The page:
What other methods would you use to analyze these states and the events that lead to their creation? Historians can only look at what happened but often lack the sociological background to say why it happened with any great confidence. They can make guesses but are their guesses any more or less correct than that of a sociologist?
I disagree. Your entire case is built so heavily on the idea that there was even a feudal society in the first place, which in itself was a subject heavily debated by medieval specialists. I certainly do not believe you are capable of making a strong argument that feudalism exists and is a useful concept of explaining how societies evolve. I think you have a very euro-centric view of history, and that itself has weakened your entire argument.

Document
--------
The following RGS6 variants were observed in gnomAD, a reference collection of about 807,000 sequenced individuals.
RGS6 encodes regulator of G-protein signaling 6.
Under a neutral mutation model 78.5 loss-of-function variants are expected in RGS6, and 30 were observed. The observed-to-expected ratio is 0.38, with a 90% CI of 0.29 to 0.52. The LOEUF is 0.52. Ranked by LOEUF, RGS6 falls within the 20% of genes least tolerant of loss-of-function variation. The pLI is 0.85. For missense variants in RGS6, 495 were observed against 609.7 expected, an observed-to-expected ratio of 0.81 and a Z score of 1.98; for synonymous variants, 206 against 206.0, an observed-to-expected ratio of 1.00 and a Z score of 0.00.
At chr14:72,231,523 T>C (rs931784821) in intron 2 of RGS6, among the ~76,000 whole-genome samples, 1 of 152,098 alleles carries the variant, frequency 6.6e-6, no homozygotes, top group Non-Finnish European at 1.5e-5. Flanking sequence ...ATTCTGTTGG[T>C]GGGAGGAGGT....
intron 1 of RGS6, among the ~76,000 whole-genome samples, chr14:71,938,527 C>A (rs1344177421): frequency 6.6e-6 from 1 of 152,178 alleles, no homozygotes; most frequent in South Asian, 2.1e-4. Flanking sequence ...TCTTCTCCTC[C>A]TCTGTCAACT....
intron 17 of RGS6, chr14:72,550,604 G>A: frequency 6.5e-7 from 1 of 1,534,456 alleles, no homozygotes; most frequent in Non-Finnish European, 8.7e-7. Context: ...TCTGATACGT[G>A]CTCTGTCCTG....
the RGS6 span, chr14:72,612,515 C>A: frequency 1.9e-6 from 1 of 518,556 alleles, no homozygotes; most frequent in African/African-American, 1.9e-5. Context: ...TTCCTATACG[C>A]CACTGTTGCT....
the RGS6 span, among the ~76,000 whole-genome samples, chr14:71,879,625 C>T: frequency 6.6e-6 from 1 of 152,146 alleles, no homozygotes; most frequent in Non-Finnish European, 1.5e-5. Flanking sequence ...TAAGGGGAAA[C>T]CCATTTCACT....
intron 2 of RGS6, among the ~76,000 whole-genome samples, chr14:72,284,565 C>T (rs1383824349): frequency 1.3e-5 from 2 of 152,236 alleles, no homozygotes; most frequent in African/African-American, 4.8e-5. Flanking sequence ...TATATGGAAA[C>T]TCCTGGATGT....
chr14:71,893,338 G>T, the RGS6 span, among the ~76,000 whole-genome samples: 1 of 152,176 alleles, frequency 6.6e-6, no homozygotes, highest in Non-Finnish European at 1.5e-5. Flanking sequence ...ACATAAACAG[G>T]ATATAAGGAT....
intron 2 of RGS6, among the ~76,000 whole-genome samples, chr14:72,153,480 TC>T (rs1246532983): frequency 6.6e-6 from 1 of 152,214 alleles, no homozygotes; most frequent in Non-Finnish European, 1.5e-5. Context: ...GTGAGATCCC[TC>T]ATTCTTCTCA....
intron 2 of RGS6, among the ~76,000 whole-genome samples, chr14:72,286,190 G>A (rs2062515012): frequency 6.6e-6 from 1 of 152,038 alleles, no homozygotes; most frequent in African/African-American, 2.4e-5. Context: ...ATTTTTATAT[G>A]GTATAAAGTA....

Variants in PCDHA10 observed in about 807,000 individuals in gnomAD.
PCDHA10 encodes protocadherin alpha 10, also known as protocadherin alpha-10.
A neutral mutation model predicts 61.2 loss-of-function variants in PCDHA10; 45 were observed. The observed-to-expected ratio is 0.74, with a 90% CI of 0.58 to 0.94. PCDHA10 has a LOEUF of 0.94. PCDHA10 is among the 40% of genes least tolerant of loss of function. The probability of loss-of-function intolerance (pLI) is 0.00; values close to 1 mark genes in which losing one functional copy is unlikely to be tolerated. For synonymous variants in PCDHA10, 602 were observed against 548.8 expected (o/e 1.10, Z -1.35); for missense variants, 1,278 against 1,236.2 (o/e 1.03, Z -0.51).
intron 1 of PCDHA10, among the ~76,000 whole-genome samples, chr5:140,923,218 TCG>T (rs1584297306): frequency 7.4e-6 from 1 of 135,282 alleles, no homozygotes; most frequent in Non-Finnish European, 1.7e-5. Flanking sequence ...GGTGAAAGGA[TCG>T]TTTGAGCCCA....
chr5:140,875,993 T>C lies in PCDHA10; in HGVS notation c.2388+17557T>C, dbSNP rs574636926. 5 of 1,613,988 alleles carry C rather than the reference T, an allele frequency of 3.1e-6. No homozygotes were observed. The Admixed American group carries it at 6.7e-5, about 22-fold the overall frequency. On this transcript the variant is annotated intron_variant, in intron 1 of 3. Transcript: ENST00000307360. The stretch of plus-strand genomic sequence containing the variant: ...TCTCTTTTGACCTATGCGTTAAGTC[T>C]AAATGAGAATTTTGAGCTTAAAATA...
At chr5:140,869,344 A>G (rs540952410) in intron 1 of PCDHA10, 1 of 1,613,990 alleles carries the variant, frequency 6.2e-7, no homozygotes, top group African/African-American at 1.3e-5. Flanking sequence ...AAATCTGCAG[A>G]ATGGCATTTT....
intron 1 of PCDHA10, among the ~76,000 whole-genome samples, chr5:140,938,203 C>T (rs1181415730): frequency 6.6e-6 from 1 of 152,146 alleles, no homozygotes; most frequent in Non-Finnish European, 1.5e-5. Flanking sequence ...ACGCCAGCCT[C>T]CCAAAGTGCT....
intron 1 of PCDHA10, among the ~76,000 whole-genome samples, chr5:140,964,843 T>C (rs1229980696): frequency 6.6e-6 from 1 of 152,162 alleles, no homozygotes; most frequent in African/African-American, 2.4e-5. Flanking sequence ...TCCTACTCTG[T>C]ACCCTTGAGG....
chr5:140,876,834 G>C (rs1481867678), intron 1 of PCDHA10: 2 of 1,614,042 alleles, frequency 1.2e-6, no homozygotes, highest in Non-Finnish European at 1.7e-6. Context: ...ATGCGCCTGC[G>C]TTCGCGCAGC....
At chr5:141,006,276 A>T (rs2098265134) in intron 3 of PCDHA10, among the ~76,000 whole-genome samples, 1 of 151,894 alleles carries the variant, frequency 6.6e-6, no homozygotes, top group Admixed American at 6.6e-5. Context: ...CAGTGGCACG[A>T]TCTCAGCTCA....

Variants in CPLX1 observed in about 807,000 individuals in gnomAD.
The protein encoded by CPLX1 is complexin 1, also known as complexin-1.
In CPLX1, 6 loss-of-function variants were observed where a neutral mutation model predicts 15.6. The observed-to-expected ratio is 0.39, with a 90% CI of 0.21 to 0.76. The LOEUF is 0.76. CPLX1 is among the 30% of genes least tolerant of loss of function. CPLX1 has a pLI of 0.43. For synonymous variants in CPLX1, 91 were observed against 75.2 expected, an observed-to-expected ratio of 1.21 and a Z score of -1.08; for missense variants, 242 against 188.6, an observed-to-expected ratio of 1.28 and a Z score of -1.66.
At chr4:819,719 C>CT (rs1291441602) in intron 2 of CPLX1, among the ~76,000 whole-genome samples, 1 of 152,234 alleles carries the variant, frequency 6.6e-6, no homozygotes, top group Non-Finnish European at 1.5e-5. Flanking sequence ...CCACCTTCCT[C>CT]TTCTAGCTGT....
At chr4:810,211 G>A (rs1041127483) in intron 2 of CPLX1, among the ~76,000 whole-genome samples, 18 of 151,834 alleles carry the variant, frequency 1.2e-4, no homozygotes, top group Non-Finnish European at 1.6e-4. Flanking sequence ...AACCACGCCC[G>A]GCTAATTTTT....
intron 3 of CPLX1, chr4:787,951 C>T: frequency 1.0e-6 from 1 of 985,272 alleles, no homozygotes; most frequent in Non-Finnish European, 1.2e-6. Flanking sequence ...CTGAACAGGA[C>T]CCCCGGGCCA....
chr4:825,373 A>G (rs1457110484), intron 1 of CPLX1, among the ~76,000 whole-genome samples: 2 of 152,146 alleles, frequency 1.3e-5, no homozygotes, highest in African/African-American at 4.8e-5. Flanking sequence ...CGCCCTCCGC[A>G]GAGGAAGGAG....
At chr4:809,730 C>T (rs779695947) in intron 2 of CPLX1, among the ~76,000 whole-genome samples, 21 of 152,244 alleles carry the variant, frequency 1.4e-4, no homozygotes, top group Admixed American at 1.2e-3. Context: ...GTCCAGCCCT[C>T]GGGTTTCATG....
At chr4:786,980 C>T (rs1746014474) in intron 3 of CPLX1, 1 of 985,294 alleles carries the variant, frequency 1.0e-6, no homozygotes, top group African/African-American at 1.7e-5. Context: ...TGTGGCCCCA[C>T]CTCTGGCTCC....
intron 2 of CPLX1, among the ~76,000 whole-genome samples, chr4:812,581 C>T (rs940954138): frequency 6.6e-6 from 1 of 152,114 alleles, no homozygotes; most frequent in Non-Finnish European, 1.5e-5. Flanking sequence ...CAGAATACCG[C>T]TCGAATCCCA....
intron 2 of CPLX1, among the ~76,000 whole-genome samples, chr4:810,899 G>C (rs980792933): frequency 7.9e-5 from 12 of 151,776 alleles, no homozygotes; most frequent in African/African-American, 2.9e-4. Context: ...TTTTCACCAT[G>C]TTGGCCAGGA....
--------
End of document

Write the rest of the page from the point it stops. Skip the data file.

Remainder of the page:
We're talking about how technology effects rights, so it makes sense to study the extremes, such as regions that had issues feeding large populations. These extremes will obviously lead to restricted rights for the lowest classes and a relaxation of those restrictions as conditions ease up. Thus Europe makes a very good case study.

Plus the modern nation-state which grew out of western Europe. Asia and Africa sure as fuck didn't set the tone for modern states and Europe wiped out any chance for the Americas to have a say in the matter. China was advanced but didn't exactly export their ways of government like the Europeans did. So any discussion of the modern nation state will be, by neccesity, Eurocentric. I'm sorry if that offends your sensibilities but it's just the truth.